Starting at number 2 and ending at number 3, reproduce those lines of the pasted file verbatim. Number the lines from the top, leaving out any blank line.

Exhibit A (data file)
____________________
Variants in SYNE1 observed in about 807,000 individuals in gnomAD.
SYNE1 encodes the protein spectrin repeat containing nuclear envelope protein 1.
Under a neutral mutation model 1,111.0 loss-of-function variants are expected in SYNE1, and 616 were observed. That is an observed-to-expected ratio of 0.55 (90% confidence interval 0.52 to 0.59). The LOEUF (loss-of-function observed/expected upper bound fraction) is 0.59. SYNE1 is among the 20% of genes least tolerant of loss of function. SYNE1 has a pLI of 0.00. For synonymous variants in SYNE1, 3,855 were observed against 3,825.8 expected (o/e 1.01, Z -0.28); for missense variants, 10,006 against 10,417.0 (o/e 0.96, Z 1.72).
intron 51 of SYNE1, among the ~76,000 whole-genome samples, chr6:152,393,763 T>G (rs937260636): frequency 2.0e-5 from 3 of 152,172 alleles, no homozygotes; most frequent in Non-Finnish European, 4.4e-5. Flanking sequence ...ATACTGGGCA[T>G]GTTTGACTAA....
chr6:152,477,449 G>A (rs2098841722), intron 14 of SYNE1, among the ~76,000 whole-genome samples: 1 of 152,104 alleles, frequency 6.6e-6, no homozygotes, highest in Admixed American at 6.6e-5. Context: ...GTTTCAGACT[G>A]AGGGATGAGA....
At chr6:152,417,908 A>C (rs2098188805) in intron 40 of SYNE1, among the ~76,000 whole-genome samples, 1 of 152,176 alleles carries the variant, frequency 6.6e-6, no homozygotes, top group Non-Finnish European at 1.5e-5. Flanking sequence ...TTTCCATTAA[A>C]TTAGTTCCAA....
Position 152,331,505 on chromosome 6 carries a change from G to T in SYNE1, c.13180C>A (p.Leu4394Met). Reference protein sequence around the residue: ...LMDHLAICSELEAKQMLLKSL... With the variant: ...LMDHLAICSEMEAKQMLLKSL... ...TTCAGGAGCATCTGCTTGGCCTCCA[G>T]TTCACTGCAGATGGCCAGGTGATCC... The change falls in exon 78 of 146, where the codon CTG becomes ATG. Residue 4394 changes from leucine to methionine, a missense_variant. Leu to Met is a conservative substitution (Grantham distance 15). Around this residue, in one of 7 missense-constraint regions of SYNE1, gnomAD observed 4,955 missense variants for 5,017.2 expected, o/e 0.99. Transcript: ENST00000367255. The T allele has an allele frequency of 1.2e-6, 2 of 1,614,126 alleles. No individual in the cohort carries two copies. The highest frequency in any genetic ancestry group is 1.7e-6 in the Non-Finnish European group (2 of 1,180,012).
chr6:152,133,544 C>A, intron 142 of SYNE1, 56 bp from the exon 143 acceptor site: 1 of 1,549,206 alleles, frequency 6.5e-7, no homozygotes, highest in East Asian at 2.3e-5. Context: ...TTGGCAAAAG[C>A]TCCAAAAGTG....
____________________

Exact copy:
SYNE1 encodes the protein spectrin repeat containing nuclear envelope protein 1.
Under a neutral mutation model 1,111.0 loss-of-function variants are expected in SYNE1, and 616 were observed. That is an observed-to-expected ratio of 0.55 (90% confidence interval 0.52 to 0.59). The LOEUF (loss-of-function observed/expected upper bound fraction) is 0.59. SYNE1 is among the 20% of genes least tolerant of loss of function. SYNE1 has a pLI of 0.00. For synonymous variants in SYNE1, 3,855 were observed against 3,825.8 expected (o/e 1.01, Z -0.28); for missense variants, 10,006 against 10,417.0 (o/e 0.96, Z 1.72).